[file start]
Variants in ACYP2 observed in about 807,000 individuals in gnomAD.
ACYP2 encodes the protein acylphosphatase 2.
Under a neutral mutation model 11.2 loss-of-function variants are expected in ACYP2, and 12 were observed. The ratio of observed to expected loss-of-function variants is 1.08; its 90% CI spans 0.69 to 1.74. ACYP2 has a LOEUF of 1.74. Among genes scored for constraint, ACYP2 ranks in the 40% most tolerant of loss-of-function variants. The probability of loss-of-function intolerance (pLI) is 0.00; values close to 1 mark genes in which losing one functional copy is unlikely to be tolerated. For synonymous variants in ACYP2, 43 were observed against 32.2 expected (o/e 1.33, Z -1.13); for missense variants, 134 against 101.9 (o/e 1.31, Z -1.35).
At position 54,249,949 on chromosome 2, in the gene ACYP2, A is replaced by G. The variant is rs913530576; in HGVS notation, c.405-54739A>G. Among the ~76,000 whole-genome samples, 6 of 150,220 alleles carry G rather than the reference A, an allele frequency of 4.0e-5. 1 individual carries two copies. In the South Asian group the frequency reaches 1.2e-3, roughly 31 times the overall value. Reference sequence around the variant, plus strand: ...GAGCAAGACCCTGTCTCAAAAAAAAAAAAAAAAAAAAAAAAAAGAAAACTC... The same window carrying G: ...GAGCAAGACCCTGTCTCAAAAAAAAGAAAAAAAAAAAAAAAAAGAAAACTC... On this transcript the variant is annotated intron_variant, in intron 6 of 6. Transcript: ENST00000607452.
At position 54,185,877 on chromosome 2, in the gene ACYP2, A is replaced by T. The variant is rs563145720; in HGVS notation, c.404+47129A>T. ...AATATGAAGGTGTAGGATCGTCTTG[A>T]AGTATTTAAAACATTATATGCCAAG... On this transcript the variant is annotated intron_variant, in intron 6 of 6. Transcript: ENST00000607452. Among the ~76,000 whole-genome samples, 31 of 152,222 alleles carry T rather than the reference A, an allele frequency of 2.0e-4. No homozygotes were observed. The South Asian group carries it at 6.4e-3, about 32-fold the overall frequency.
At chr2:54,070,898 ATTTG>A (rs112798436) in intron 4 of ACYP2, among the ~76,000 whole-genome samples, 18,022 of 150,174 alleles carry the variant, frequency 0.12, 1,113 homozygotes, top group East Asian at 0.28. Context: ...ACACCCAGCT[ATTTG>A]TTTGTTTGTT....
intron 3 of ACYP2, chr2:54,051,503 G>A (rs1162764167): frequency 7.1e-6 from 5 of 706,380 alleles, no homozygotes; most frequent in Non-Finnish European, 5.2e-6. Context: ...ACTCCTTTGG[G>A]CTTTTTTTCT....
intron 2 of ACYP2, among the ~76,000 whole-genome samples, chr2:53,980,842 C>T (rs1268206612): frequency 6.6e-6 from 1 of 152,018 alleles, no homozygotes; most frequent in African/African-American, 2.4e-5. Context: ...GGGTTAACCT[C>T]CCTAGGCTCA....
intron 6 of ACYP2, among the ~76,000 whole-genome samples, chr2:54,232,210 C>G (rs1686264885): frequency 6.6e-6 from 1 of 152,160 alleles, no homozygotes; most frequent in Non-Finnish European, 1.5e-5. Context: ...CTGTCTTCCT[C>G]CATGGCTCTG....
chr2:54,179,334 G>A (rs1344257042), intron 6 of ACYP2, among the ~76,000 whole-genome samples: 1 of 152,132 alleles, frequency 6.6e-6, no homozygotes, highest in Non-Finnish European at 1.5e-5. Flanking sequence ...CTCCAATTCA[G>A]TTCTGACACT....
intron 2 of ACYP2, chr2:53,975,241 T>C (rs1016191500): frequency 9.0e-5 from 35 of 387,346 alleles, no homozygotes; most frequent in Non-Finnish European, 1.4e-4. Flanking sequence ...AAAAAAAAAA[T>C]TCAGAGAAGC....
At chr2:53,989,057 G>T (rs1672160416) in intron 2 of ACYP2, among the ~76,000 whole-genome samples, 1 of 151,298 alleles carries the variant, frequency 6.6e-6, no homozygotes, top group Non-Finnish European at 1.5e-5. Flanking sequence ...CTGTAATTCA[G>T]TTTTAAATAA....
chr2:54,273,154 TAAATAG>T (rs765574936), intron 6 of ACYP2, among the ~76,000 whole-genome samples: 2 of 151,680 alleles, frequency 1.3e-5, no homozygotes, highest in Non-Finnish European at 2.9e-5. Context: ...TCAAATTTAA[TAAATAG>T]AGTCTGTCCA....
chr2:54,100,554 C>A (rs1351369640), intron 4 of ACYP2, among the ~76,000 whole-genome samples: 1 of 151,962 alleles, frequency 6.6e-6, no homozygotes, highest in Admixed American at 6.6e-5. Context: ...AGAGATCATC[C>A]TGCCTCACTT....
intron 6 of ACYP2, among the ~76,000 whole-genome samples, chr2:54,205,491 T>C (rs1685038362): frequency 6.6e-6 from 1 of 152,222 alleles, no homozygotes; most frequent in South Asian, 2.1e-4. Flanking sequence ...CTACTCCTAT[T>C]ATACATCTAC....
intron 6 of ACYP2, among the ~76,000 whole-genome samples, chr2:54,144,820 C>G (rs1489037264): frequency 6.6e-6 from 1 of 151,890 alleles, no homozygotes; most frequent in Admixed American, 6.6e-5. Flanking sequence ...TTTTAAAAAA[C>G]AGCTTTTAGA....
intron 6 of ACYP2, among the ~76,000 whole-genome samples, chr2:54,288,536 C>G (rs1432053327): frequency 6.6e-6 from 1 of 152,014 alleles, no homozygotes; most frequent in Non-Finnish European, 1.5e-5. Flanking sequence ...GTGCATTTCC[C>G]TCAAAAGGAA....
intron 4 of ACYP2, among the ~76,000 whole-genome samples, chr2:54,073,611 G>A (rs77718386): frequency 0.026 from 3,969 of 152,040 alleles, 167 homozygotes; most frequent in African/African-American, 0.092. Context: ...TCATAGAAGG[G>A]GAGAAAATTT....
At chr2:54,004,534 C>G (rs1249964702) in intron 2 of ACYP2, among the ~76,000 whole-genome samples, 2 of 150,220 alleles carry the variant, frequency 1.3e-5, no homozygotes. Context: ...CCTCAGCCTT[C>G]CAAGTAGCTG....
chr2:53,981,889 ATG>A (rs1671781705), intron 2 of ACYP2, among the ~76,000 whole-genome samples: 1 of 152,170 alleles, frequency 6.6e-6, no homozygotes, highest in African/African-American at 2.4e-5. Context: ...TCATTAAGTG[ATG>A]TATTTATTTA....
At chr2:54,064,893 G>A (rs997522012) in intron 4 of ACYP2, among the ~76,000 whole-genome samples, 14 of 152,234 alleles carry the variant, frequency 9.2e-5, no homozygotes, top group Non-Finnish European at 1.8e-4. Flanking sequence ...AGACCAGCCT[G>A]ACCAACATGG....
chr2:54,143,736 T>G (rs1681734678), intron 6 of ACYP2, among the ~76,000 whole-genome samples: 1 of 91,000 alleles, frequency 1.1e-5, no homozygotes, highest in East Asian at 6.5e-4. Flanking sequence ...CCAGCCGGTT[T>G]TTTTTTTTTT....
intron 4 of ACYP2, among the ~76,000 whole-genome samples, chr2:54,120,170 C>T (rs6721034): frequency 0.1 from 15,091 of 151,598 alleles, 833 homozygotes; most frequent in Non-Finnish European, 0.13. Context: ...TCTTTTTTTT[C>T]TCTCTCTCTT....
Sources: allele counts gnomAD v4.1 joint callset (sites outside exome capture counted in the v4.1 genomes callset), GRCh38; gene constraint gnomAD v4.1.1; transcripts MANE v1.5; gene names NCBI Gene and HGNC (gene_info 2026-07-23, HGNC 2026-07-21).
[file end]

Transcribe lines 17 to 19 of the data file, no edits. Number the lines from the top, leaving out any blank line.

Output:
intron 6 of ACYP2, among the ~76,000 whole-genome samples, chr2:54,288,536 C>G (rs1432053327): frequency 6.6e-6 from 1 of 152,014 alleles, no homozygotes; most frequent in Non-Finnish European, 1.5e-5. Flanking sequence ...GTGCATTTCC[C>G]TCAAAAGGAA....
intron 4 of ACYP2, among the ~76,000 whole-genome samples, chr2:54,073,611 G>A (rs77718386): frequency 0.026 from 3,969 of 152,040 alleles, 167 homozygotes; most frequent in African/African-American, 0.092. Context: ...TCATAGAAGG[G>A]GAGAAAATTT....
At chr2:54,004,534 C>G (rs1249964702) in intron 2 of ACYP2, among the ~76,000 whole-genome samples, 2 of 150,220 alleles carry the variant, frequency 1.3e-5, no homozygotes. Context: ...CCTCAGCCTT[C>G]CAAGTAGCTG....